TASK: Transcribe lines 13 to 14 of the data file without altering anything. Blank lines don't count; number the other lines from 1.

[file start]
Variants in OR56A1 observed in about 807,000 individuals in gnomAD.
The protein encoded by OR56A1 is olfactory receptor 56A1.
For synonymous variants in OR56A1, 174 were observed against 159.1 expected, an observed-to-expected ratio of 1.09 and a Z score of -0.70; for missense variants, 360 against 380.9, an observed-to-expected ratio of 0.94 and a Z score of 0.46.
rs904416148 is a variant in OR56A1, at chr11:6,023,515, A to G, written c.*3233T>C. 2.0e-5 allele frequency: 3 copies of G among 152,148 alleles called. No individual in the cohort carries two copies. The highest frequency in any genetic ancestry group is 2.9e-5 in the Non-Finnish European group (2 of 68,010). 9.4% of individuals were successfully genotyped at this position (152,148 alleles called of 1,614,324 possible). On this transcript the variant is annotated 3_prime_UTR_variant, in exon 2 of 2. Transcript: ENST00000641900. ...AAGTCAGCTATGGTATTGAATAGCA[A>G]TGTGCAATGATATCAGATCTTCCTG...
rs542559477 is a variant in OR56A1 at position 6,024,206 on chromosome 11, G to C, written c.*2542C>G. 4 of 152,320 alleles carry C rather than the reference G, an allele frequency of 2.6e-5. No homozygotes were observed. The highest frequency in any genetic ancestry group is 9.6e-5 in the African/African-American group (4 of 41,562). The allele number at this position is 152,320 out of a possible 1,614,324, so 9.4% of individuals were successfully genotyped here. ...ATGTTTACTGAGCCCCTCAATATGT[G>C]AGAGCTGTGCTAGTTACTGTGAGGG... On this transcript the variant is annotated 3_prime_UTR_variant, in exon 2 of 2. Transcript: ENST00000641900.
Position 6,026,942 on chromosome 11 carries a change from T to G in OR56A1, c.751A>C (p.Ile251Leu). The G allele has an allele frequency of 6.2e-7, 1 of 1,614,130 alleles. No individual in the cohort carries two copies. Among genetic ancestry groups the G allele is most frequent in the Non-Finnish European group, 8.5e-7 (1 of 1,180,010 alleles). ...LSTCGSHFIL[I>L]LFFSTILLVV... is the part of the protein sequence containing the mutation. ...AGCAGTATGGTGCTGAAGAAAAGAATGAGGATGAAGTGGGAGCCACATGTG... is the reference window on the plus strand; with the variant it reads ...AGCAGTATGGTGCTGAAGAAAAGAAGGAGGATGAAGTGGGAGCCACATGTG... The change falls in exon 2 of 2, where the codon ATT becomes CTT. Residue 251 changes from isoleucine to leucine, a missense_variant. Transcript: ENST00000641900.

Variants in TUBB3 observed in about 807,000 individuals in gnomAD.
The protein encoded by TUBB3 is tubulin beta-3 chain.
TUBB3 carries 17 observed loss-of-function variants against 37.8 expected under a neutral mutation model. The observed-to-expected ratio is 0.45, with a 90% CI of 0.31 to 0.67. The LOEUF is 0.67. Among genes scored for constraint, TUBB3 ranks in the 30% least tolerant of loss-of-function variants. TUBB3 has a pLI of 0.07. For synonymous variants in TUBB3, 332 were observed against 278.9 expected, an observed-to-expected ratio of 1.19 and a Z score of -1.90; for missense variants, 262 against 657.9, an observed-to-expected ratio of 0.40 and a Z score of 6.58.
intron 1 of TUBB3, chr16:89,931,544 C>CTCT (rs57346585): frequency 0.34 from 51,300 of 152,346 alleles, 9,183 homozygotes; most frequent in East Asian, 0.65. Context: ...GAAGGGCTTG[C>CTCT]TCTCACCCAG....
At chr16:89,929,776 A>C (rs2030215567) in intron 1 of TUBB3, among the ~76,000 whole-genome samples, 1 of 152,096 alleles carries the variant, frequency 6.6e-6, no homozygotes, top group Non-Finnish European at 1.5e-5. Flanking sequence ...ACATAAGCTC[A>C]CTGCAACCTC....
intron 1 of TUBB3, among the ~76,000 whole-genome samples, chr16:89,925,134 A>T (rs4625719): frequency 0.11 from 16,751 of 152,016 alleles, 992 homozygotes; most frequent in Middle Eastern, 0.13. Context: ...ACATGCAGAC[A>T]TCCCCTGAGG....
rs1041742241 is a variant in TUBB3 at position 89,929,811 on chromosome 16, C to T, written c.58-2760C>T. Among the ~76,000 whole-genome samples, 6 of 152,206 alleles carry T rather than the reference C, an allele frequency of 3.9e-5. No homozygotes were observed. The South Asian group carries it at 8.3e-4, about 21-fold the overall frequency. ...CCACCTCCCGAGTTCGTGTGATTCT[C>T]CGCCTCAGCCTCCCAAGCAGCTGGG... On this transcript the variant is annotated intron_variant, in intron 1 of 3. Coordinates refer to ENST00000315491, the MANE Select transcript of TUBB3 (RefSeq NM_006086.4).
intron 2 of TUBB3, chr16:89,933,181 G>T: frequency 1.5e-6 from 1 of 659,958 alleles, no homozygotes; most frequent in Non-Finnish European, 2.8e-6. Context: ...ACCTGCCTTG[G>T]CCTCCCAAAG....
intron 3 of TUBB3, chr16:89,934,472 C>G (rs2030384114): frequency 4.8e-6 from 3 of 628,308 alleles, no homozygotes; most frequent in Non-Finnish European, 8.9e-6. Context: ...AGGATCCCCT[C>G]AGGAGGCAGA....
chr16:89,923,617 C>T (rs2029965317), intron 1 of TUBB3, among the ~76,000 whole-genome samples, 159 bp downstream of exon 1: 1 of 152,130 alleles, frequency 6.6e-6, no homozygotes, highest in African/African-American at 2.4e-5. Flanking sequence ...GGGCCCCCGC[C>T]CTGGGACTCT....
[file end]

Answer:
rs1041742241 is a variant in TUBB3 at position 89,929,811 on chromosome 16, C to T, written c.58-2760C>T. Among the ~76,000 whole-genome samples, 6 of 152,206 alleles carry T rather than the reference C, an allele frequency of 3.9e-5. No homozygotes were observed. The South Asian group carries it at 8.3e-4, about 21-fold the overall frequency. ...CCACCTCCCGAGTTCGTGTGATTCT[C>T]CGCCTCAGCCTCCCAAGCAGCTGGG... On this transcript the variant is annotated intron_variant, in intron 1 of 3. Coordinates refer to ENST00000315491, the MANE Select transcript of TUBB3 (RefSeq NM_006086.4).
intron 2 of TUBB3, chr16:89,933,181 G>T: frequency 1.5e-6 from 1 of 659,958 alleles, no homozygotes; most frequent in Non-Finnish European, 2.8e-6. Context: ...ACCTGCCTTG[G>T]CCTCCCAAAG....